Tuesday, December 24, 2013


I don't have much evidence for this observation, but here goes: an offshoot of the Scrooge trope in Christmas stories (a misanthropic Christmas hater reforms after being shown, in a supernatural fashion, the error of his ways) is the tale of the flawed family man, or exile or outcast, who finds out he's dying and wants to spend his last Christmas mending his ruptured relationships. It may be that this plotline is used more often in stories without the Christmas twist, but at any rate, it feels like a time-honored plot device. It's perhaps most famously used in the TV-movie THE GATHERING, made near the end of the Golden Age of TV-movies. Ed Asner is a successful 50-something businessman who is told a few days before Christmas that he only has a couple of months left to live. He takes the news stoically and reaches out to the wife (Maureen Stapleton) that he left years ago but never divorced. He asks her to initiate a holiday gathering of his four scattered children, most of whom he has alienated, so he can see them all one more time, but he asks her not to tell the kids that he's dying. We see scenes of each of the children debating with their spouses whether or not to go. Two feel particularly damaged by Asner: Lawrence Pressman felt pressured by Asner to follow in his footsteps in the family business—he declined, going off on his own, being belittled by his father when his business faltered; Gregory Harrison, after arguing with his father about the Vietnam war, dodged the draft by heading off to Canada under an assumed name and has barely been heard from since. Asner most wants to make up with Harrison, as he has decided that Harrison was right in doing what he did, but on Christmas Eve, only Harrison doesn't show up.

This is generally a low-key affair which is fairly subtle in pushing emotional buttons. Only one of the kids guesses what's up with Asner so there is no weepy cathartic blowout at the end, though of course, he does manage to reconcile with everyone, even Harrison. The best scene is a happy one, tinged with sadness: after a long midnight talk with during which Pressman realizes that Asner is dying, they open an oddly-shaped present from Asner’s doctor that turns out to be a box of fireworks—together, they set them off in the front yard, laughing and waking up the neighbors (and some dogs). Asner gets to stretch a bit away from his Lou Grant persona; he's still gruff but he's placid and his changes with regard to his children feel real. Stapleton is equally good as the matriarch, though the focus shifts away from her in the last third of the film. The women (including Veronica Hamel) are generally ignored, with Pressman and son-in-law Bruce Davison getting the bulk of the attention. They’re OK, though I wish more had been done with Gregory Harrison’s character—he winds up with only two short scenes. I did get teary at the end, but I felt the movie earned those tears.

Edward Burns made and starred in a virtual, if unofficial, remake of this with THE FITZGERALD FAMILY CHRISTMAS, not a film for TV but a small indie which practically went straight to video. Burns is considered an Irish working-class Woody Allen, but as this is the first film of his I've seen I only know him by reputation. Actually, in look and feel, this seemed more like a John Waters movie—except about clean mainstream people. The plot is almost exactly the same as that of THE GATHERING, but the father (Ed Lauter in one of his last roles) is a relatively minor character; this is told from the viewpoints of his children, primarily Burns himself as the oldest son who was forced to become the man of the house when Lauter left years ago. Aside from the youngest child who is fresh out of rehab, most of the kids' problems aren't so much with Dad as with the current state of their own lives. Burns spends most of the movie trying to get his still-bitter mom (Anita Gillette, pictured above left, in the middle on the couch) to agree to see him one more time—she has gone on record as saying that she will never let Lauter in her house again. As in THE GATHERING, the reunion happens though not all the family tensions are neatly wrapped up. Unfortunately, I found most of the characters to be uninteresting. Gillette’s change of heart, which is at the center of the plot, happens disappointingly and anti-climactically offscreen, though she is very good in the role. I also liked Connie Britton in the small part of the caretaker who gets romantically involved with Burns. Ultimately, I think THE GATHERING actually works better. [DVD]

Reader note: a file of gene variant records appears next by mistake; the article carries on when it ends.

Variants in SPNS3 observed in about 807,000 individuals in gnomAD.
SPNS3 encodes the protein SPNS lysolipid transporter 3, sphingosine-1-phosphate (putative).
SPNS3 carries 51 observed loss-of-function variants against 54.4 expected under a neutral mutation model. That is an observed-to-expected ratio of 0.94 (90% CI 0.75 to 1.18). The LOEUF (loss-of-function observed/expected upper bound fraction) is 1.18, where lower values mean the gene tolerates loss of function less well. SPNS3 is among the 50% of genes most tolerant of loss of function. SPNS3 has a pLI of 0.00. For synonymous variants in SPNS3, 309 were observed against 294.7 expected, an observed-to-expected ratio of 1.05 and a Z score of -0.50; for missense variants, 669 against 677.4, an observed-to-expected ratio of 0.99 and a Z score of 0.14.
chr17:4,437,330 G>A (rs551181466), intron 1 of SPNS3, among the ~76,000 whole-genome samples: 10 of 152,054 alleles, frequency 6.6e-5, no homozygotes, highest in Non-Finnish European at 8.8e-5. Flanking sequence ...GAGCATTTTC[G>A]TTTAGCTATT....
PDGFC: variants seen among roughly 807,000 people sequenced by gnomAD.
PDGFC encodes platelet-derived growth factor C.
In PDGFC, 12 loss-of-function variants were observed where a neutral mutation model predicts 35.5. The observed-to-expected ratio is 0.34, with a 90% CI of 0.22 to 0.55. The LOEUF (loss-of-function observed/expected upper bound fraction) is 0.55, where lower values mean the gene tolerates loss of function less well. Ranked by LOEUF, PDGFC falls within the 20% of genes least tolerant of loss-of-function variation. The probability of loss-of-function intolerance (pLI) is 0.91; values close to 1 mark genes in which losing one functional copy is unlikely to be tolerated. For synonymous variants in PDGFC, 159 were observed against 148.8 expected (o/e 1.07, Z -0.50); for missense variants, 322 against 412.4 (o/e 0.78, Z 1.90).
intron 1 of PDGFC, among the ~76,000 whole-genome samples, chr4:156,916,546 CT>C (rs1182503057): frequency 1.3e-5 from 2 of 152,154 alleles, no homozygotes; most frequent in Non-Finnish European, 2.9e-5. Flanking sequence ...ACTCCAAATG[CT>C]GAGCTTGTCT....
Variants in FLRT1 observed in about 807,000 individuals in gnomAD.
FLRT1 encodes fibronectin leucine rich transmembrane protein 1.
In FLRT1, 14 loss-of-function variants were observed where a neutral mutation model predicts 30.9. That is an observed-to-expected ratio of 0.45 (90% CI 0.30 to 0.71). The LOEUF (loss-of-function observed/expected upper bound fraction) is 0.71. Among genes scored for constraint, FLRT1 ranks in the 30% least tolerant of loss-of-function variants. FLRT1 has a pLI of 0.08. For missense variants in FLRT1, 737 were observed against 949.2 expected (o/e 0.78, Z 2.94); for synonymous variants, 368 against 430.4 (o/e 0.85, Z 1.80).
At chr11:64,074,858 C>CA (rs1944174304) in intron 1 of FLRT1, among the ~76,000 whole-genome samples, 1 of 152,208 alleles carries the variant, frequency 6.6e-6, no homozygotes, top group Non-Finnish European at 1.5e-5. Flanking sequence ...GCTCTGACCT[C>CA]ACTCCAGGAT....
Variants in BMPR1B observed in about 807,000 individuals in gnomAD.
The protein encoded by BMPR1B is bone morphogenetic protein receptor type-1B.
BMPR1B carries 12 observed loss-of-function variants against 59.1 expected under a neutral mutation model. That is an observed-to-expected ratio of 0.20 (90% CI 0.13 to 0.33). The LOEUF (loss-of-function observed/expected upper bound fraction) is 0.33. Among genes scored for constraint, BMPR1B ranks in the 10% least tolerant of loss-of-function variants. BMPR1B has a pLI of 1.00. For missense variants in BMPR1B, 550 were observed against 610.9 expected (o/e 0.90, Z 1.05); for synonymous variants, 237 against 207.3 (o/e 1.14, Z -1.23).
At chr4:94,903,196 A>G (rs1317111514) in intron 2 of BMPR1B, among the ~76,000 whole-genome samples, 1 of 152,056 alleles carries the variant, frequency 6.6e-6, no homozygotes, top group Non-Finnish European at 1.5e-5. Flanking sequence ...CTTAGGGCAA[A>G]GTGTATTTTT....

Monday, December 23, 2013


The plot of this made-for-TV Christmas movie is fairly formulaic, and the acting is routine, but the style is a little off-kilter, which winds up being both good and bad. Peter (Lucas Bryant) is a handsome young man, and, somewhat improbably, an elementary school teacher; his live-in girlfriend and single mom Alex (Kassia Warshawski), more rational and practical, is an astronomer who is working closely with Andrew, a former boyfriend, on gamma ray research partially funded by her father Steven. A few days before Christmas, Peter arranges a lovely space-themed proposal which catches her off-guard, but she says yes. When her (grimly realistic) parents find out, they try to talk her out of it—Dad doesn't approve of Peter and still has hopes that she will get back together with Andrew. But the real deal-breaker might be his parents: Mr. and Mrs. Santa Claus (George Wendt and Shelley Long), whose front is that they run a toymaking business in Alaska. Peter has kept this little secret from Alex, but when both sets of parents arrive to spend a few days—the Clauses, of course, arriving in a sleigh they keep hidden in the garage—uptight skeptical Steven clashes with whimsical Mr. C, Steven being the kind of father who told Alex there was no Santa at the tender age of 5. Tensions between Peter and Alex boil up and soon it looks like the engagement is off, until the Clauses work their magic on everyone.